Discussion

         In one issue, Hilburn challenges the trial court's grant of summary judgment as to each of his claims. We review a summary judgment de novo. Mann Frankfort Stein & Lipp Advisors, Inc. v. Fielding, 289 S.W.3d 844, 848 (Tex. 2009). We review the evidence presented in the motion and response in the light most favorable to the party against whom the summary judgment was rendered, crediting evidence favorable to that party if reasonable jurors could, and disregarding contrary evidence unless reasonable jurors could not. Id.

         The party moving for traditional summary judgment bears the burden of showing no genuine issue of material fact exists and it is entitled to judgment as a matter of law. Id. (citing Tex.R.Civ.P. 166a(c)). The evidence raises a genuine issue of fact if reasonable and fair-minded jurors could differ in their conclusions in light of all of the summary judgment evidence. Goodyear Tire & Rubber Co. v. Mayes, 236 S.W.3d 754, 755 (Tex. 2007). Summary judgment for a defendant is proper only when the defendant negates at least one element of each of the plaintiff's theories of recovery or pleads and conclusively establishes each element of an affirmative defense. Grynberg v. Grey Wolf Drilling Co., 296 S.W.3d 132, 135-36 (Tex. App.-Houston [14th Dist.] 2009, no pet.).

         I. Fact Question on Breach of Contract

         Storage Trust moved for summary judgment on the basis that it did not breach the lease agreements. See Mays v. Pierce, 203 S.W.3d 564, 575 (Tex. App.-Houston [14th Dist.] 2006, pet. denied) (listing elements of breach of contract). Storage Trust relies on the following language from the lease agreements:

In the event Occupant shall not grant access to the Premises as required or in the event of an emergency . . ., Owner [or] Owner's Agents . . . shall have the right, but not the obligation, to remove Occupant's locks and enter the Premises for the purpose of examining the premises or the contents thereof or for the purpose of making repairs or alterations to the Premises and taking such other action as may be necessary or appropriate to preserve the Premises or to comply with applicable law including any applicable local, state or federal law or regulation governing hazardous or toxic substance, material, or waste, or to enforce any of Owner's rights.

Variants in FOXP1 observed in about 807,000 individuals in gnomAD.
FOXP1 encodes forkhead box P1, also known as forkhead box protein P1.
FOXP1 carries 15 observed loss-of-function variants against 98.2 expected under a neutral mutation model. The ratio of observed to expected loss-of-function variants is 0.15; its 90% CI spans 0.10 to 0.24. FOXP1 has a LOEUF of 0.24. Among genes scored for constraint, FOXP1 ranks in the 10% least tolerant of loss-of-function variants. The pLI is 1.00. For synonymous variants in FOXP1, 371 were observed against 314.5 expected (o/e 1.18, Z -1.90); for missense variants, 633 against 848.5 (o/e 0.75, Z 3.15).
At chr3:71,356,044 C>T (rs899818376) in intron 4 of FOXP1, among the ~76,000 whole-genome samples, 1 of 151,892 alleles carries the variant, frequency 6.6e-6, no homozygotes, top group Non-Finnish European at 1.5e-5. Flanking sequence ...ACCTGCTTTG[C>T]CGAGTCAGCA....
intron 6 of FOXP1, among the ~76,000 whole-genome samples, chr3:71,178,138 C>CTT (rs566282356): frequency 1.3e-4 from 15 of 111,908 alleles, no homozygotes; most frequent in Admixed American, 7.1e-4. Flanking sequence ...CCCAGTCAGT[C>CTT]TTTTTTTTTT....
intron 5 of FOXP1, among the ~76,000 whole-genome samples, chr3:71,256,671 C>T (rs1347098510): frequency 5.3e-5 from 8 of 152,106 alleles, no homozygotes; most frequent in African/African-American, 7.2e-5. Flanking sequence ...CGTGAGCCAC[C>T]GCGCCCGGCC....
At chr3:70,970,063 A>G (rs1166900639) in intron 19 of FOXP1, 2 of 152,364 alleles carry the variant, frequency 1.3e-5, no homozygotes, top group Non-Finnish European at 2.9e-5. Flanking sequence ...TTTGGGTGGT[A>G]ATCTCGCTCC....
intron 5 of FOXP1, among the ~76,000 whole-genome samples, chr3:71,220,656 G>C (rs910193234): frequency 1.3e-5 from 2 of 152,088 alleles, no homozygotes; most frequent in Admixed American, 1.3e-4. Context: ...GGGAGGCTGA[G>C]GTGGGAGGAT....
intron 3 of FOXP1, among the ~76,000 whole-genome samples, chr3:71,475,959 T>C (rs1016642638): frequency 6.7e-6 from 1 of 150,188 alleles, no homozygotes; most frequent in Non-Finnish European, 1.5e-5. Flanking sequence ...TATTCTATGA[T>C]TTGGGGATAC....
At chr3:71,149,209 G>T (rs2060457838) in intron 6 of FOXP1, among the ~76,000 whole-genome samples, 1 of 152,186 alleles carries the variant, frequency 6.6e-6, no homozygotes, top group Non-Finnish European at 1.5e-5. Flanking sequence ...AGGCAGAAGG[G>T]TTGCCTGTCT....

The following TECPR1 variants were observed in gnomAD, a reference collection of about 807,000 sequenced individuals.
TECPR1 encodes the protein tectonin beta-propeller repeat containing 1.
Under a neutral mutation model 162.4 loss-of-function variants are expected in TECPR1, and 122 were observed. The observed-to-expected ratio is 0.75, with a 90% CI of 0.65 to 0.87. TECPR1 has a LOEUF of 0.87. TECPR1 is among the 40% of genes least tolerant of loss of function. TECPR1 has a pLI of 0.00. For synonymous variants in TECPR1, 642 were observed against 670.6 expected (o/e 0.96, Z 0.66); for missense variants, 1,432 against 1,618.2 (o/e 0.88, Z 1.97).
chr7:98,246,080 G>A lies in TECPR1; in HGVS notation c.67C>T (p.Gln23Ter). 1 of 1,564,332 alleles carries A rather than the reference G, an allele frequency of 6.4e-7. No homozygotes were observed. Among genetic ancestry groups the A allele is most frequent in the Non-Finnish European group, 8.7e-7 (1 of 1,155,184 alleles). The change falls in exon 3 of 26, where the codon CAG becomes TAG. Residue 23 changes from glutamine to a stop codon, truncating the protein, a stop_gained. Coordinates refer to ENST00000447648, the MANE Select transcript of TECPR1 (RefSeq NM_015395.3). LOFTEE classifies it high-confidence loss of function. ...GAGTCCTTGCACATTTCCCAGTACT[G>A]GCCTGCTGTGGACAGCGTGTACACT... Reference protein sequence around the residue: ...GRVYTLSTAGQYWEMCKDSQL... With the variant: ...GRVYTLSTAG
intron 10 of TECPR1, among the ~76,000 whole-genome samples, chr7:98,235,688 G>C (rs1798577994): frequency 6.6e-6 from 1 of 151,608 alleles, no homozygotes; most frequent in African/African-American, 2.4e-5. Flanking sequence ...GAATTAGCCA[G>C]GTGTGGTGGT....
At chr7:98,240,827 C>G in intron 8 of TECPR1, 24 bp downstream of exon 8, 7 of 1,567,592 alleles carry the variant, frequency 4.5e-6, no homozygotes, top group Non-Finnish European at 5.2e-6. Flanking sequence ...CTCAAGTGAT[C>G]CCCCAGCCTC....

According to Storage Trust, the flooding event constituted an emergency under the lease agreements, which allowed Storage Trust to enter the storage units and dispose of Hilburn's "hazardous property due to mold." But Storage Trust did not present any evidence that there were hazardous materials in the storage units or that there was mold.

         Storage Trust relied on the following deposition testimony from Hilburn:

[E]verything was going to get mold, and they were worried about it the last time. We're going to have mold. I said, fumigate and remedy. [S]tart . . . drying out that side. When its dried out, stick my stuff in there. I'll continue to pay rent the whole time. . . . Let me move my stuff into another unit, and I will pay you. [They said, ] No, we can't do it. Everything's got to go, everything.

         At most, this testimony creates a fact question regarding whether there would be hazardous materials-mold-in the storage units in the future. There is no evidence that Hilburn's property contained mold or showed signs of mold at the time Storage Trust entered the units. Accordingly, Storage Trust did not show it was entitled under the lease agreements to dispose of Hilburn's property. We conclude there is a fact question regarding whether Storage Trust breached the lease agreements.

         Storage Trust alternatively argued that even if it breached the lease agreements, the trial court should limit any damages to $5, 000 per storage unit under the terms of the lease agreements. Storage Trust further argued in the alternative that Hilburn is not entitled to attorney's fees for his breach of contract claim.[2] Because the trial court granted summary judgment, ...